This is a combination post for both my Year of Accountability Project and my Camp NaNoWriMo Progress! I’ve been working on the novella pretty heavily over the last few days, and reached the first major milestone! 10,000 words! I’m excited to share a brief except from the short story in the novella below, but first I wanted to also share the goal for next week.
Goal for this week: Reach 10,000 words in the ‘Colonia’ book – Goal Achieved!
Goal for next week: Reach 20,000 words!
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Read on to discover more!
I wanted to share a fun resource I’ve recently discovered. It’s always really hard to ‘invent’ names for all of the Roman officers, sidekicks, additional characters that require a name, but not necessarily a fully fledged background. This website – Roman Fantasy Name Generator – is super useful! Sometimes I just need a first name, other times a full name, but it solves the problem without me having to do tons of research.
Oh, right. You wanted a snipped of the writing, yes?
The rocky coastline offered little shelter to our vessels, and we surged westward along the tip of the island. Massive bodies of ice and snow, the largest I’d ever seen, crowned mountains taller than the Alps. I hadn’t seen such rugged terrain since my travels to the northern Indus kingdoms, and those mountains pierced the sky. Lots of small rivers and streams broke the coastline, but there were no trees or villages in sight. A handful of sailors shouted that they had seen a mermaid, but I scoffed at them. Homopiscinus only exist in the warmer southern waters of the Atlanticum. These waters were much too cold.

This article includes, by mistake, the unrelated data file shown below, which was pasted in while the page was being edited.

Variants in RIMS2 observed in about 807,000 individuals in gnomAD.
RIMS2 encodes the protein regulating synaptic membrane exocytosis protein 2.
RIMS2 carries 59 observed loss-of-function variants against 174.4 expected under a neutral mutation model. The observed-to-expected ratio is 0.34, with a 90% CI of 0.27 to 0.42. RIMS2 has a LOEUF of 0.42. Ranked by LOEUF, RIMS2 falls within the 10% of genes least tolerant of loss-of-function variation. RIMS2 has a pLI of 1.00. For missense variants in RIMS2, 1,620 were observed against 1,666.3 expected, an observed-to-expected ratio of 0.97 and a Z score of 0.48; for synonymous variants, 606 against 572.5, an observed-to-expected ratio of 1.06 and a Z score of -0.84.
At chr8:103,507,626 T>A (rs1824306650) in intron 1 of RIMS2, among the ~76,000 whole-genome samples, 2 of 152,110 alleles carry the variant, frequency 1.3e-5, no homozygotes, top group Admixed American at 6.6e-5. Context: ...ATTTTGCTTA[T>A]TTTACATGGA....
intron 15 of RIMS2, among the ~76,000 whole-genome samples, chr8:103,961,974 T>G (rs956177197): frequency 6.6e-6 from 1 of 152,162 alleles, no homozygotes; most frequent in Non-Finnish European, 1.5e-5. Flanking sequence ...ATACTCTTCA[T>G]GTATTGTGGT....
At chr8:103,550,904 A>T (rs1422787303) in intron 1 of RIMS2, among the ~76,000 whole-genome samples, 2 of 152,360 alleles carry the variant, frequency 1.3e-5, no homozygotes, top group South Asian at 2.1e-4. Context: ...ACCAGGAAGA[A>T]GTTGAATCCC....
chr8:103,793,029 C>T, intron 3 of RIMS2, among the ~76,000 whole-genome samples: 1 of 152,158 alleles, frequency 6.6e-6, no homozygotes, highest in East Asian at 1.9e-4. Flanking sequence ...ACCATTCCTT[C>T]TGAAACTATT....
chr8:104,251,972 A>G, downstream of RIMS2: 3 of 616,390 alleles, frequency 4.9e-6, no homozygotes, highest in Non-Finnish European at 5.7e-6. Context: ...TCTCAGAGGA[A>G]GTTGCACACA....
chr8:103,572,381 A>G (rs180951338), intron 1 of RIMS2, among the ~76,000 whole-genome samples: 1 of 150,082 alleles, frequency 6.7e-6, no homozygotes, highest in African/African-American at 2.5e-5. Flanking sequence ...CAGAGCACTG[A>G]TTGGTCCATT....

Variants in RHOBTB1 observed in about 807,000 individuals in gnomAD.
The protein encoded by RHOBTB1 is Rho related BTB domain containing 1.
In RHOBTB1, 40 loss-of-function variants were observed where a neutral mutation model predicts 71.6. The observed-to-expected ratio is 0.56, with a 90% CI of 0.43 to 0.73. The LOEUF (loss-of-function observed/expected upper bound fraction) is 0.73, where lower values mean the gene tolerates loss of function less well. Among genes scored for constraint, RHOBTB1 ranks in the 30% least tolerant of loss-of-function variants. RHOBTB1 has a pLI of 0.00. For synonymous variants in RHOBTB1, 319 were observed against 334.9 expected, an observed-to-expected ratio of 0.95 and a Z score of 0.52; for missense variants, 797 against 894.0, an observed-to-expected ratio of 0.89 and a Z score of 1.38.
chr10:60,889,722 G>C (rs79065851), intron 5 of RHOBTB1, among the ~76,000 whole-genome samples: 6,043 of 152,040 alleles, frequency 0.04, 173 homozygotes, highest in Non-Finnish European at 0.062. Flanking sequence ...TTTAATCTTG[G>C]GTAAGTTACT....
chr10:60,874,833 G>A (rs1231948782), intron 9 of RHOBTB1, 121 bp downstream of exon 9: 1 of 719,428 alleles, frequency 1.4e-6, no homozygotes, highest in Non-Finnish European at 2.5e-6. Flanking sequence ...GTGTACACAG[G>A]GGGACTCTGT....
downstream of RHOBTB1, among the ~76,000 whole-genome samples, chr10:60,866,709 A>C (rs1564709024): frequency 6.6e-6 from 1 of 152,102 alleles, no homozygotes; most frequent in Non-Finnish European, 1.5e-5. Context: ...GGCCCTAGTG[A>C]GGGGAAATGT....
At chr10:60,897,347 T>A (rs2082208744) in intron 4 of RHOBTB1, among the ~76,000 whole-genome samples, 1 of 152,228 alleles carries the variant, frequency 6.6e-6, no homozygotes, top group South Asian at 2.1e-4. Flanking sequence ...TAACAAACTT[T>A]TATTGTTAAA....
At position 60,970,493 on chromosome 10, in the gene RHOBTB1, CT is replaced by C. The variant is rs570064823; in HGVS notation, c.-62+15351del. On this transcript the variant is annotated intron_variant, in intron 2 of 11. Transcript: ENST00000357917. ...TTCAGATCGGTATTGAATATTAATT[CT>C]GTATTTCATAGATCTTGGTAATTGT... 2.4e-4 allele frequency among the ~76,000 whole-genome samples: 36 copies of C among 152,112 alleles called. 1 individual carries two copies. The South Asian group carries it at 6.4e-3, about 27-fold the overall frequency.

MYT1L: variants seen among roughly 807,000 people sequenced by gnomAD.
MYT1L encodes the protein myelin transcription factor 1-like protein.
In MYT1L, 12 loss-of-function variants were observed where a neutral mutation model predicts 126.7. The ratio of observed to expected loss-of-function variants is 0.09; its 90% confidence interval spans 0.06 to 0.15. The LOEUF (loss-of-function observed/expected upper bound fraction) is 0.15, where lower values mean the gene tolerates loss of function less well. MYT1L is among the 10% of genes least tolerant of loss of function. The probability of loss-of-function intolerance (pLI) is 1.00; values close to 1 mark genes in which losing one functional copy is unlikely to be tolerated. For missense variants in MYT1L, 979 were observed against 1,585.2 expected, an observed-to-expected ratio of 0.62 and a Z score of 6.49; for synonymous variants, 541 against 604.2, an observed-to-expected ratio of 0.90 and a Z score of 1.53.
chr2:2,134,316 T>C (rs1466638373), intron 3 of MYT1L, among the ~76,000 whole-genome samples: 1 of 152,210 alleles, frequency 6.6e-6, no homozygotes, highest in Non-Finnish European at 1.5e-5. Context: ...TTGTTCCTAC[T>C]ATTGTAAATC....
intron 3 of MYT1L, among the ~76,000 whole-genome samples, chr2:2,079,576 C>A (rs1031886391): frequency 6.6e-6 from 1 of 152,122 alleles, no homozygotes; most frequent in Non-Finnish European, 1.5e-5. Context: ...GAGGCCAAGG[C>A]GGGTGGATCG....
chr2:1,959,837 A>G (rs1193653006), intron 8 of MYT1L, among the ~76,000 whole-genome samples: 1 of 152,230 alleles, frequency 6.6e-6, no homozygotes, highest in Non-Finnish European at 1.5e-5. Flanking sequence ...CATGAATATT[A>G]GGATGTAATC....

As the rugged land pulled away to the north, I decided to follow the coastline. Perhaps the western side of this land would be more hospitable than the eastern side. For two days we traveled around land. It wasn’t until an eagle eyed man spotted the village that we laid down anchor.
The ruined village, that is. It was a most modest and humble thing, perhaps a dozen homesteads laid out on a rocky shelf, surrounded by moss and grass covered fields. I sent a party of marines ashore, and watched as they explored the village. I do not claim to be superstitious, but, to my experienced eye, I could immediately tell that there were no living occupants. There were no ships tied up at the small, damaged dock. The drying sheds looked empty, and even from the harbor, the place had an air of spooky abandonment. I resolved to ensure that my men took nothing from this place. No doubt Pluto would look down upon any who disturbed the settlement of the dead.